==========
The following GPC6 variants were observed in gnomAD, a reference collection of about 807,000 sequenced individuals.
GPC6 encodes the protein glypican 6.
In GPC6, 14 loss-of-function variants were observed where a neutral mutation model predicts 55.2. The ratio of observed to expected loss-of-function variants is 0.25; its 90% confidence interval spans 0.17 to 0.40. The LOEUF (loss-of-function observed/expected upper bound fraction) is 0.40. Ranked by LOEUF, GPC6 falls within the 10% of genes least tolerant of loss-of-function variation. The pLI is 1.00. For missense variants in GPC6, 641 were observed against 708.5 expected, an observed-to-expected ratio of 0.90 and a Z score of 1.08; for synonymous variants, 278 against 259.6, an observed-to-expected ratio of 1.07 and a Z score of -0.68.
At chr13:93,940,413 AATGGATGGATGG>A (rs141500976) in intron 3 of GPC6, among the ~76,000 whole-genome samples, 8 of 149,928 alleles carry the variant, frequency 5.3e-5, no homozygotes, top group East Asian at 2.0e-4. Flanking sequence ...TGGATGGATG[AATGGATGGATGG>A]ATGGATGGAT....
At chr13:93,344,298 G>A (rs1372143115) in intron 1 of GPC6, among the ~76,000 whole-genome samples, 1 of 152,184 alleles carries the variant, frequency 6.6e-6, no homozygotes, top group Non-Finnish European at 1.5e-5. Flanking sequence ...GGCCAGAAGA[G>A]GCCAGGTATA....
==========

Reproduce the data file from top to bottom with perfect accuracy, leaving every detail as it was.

The following GPC6 variants were observed in gnomAD, a reference collection of about 807,000 sequenced individuals.
GPC6 encodes the protein glypican 6.
In GPC6, 14 loss-of-function variants were observed where a neutral mutation model predicts 55.2. The ratio of observed to expected loss-of-function variants is 0.25; its 90% confidence interval spans 0.17 to 0.40. The LOEUF (loss-of-function observed/expected upper bound fraction) is 0.40. Ranked by LOEUF, GPC6 falls within the 10% of genes least tolerant of loss-of-function variation. The pLI is 1.00. For missense variants in GPC6, 641 were observed against 708.5 expected, an observed-to-expected ratio of 0.90 and a Z score of 1.08; for synonymous variants, 278 against 259.6, an observed-to-expected ratio of 1.07 and a Z score of -0.68.
At chr13:93,940,413 AATGGATGGATGG>A (rs141500976) in intron 3 of GPC6, among the ~76,000 whole-genome samples, 8 of 149,928 alleles carry the variant, frequency 5.3e-5, no homozygotes, top group East Asian at 2.0e-4. Flanking sequence ...TGGATGGATG[AATGGATGGATGG>A]ATGGATGGAT....
At chr13:93,344,298 G>A (rs1372143115) in intron 1 of GPC6, among the ~76,000 whole-genome samples, 1 of 152,184 alleles carries the variant, frequency 6.6e-6, no homozygotes, top group Non-Finnish European at 1.5e-5. Flanking sequence ...GGCCAGAAGA[G>A]GCCAGGTATA....